Electric-vehicle (EV) stocks have been on fire over the past year as investors bet that the industry will continue to grow. And as EV sales grow, there could be a number of industries and companies that benefit.
As we scoured the market for opportunities adjacent to EV production, Xcel Energy (NASDAQ:XEL), Lithium Americas (NYSE:LAC), and QuantumScape (NYSE:QS) jumped out to our Foolish contributors as big opportunities.
The utility play
Travis Hoium (Xcel Energy): If electric vehicles continue to grow and eventually take over the vehicle market, it’ll mean a significant rise in electricity consumption. A report prepared for the Department of Energy in 2019 estimated that by the end of the decade, an incremental 14 gigawatts or more of power generation will be needed to keep up with the growth of EVs by 2030. That would nearly double the amount of incremental electricity-generating capacity added each year and may lead to growth in electricity consumption, which has stagnated for more than a decade.
Stagnant demand is having an impact on utility revenue growth. Over the last decade, Xcel’s revenue has grown just over 1% compounded annually, so this isn’t exactly a growth stock. But the growth rate could change if electric vehicles take over transportation.
EVs alone could boost every utility’s growth, and Xcel Energy would be no different. And with shares trading at 22 times earnings and the dividend yielding 2.8%, this stock could be a long-term winner if Xcel’s growth rate improves because of electric vehicles.
Speculating on batteries
Howard Smith (Lithium Americas): Investors can bet on the emergence of electric vehicles in a number of ways. There’s much uncertainty, including developing technologies, competition, and theorizing on market adoption. One approach for investors is to create a basket of holdings with a range of risk-and-reward potential.
EV battery-technology investments lie at the high-risk end of the spectrum. But as part of a basket approach, assuming lithium-ion batteries remain a prominent choice for EV makers, lithium suppliers themselves should be part of the equation. Lithium Americas doesn’t even have an operating mine as of yet, but it’s in the construction and approval stages on two projects, including one on U.S. soil.
Lithium Americas’ two mining projects include one under construction in Argentina expected to start up in mid-2022 and the Thacker Pass project in Nevada. Thacker Pass is particularly notable due to its location, as leaders seek to secure domestic supplies of materials needed for electric vehicles.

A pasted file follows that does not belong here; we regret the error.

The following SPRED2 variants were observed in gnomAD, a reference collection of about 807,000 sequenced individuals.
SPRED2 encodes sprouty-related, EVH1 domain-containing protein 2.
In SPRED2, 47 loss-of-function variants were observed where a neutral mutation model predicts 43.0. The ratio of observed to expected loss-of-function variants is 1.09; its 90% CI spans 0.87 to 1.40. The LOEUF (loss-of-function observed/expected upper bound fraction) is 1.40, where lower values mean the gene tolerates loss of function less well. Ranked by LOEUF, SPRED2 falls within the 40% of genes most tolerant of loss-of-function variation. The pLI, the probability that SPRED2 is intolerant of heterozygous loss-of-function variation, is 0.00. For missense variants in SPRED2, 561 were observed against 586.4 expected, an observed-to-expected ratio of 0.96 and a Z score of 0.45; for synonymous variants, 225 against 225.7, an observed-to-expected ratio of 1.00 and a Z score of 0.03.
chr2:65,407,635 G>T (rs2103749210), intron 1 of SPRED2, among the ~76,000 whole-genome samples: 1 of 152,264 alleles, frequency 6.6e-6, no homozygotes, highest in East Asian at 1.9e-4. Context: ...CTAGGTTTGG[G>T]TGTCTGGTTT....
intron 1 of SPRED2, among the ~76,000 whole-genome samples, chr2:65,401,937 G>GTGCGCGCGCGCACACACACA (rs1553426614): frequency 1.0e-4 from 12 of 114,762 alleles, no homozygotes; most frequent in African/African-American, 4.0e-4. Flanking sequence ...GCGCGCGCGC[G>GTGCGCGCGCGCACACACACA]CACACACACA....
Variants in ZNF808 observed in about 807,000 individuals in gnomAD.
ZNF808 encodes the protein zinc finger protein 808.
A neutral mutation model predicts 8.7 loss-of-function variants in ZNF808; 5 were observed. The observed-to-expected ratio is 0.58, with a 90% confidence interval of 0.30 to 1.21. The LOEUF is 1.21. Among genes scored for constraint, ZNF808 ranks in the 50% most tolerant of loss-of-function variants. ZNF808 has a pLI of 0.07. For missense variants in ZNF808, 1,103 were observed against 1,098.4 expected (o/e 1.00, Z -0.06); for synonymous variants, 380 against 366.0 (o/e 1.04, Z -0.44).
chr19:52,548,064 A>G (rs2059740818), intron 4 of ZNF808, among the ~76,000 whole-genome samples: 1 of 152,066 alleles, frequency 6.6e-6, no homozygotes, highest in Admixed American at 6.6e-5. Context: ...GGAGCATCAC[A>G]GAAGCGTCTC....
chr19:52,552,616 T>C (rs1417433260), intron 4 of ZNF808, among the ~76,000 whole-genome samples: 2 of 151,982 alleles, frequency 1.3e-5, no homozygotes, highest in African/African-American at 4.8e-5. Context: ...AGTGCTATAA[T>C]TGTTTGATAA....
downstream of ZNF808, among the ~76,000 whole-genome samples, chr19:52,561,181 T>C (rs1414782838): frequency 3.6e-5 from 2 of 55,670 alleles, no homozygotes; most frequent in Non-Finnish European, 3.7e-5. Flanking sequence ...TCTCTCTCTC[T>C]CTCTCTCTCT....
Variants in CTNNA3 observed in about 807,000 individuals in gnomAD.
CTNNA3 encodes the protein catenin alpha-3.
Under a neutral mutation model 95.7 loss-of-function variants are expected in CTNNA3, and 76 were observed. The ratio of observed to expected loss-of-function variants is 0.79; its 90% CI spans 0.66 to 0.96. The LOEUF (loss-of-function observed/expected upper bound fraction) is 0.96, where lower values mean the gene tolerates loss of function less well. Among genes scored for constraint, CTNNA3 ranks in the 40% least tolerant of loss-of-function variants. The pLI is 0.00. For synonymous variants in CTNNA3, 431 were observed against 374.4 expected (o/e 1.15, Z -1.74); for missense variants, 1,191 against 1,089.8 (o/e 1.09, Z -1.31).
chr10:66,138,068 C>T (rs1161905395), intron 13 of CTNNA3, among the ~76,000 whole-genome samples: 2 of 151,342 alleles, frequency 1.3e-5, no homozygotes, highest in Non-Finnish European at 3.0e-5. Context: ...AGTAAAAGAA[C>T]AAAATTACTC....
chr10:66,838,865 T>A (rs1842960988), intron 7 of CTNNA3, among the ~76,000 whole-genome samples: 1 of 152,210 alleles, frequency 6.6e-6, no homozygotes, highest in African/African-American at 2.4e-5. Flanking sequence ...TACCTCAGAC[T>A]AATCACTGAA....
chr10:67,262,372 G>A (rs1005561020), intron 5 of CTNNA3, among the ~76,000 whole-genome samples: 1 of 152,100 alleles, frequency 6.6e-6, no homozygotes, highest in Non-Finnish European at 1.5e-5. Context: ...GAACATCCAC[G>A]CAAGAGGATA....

The company believes its Thacker Pass project remains on track to begin operations in late 2022. In its fourth-quarter 2020 earnings release earlier this month, the company said, “All remaining state permits and water right transfers required to commence construction are expected later this year.”
The Thacker Pass project is currently 100% owned by Lithium Americas, but the company could bring in partners or investors. But after a recent capital raise, Lithium Americas had $518 million in cash as of Feb. 28, 2021. Most of that is available for the Thacker Pass project, as its Argentina mine project has already spent about 70% of the required capital.
An investment in Lithium Americas is very much speculation at this point, and an investment could be a total loss. Besides the company-specific risks, there will also be competitive domestic lithium mining operations in the U.S. But if electric vehicles do take over, and lithium-ion batteries remain the technology of choice, getting in early could also pay off nicely.
Disrupting the disruptor
Jason Hall (QuantumScape): I think it’s more of a “when” than an “if” electric vehicles come to dominate, though it’s likely to take years for that to happen because of the high costs and limited supply of batteries. This is a problem that QuantumScape is working to remedy, and with a technology that could lead it to be the biggest disruptor the auto business has seen since Tesla.
The catch? In order to do so, the company has to deliver on a technology that nobody else — so far — has been able to deliver at the cost and scale it will take to supply the auto industry.
Without getting bogged down in the details, solid-state batteries are lighter, more reliable, and much faster to recharge than the liquid or gel batteries we are more familiar with such as lithium-ion. The catch? QuantumScape is still years away from delivering a commercially viable product and has yet to prove it can deliver on its promises at scale. So this is far from a sure thing.
But investors including Tesla co-founder JB Straubel, who led battery cell design at the company, and Volkswagen, which invested $300 million in the company before it went public, have put their money behind the company’s efforts. It’s likely to be several more years before we know if it can do it, but if QuantumScape can crack the solid-state code, its technology would be a massive competitive advantage, making it potentially the most important — and most profitable — automotive supplier in the world.
The risk is big. If they can’t pull it off, investors will lose a lot of money. Take that risk into consideration just as much as the upside potential.
Riding the EV tailwind
If electric-vehicle sales continue to grow, we’ll likely see an increase in electricity consumption, lithium consumption, and a need for better batteries. That’s why these three stocks could all beat the market long term and why they’re our top picks today.
This article represents the opinion of the writer, who may disagree with the “official” recommendation position of a Motley Fool premium advisory service. We’re motley! Questioning an investing thesis — even one of our own — helps us all think critically about investing and make decisions that help us become smarter, happier, and richer.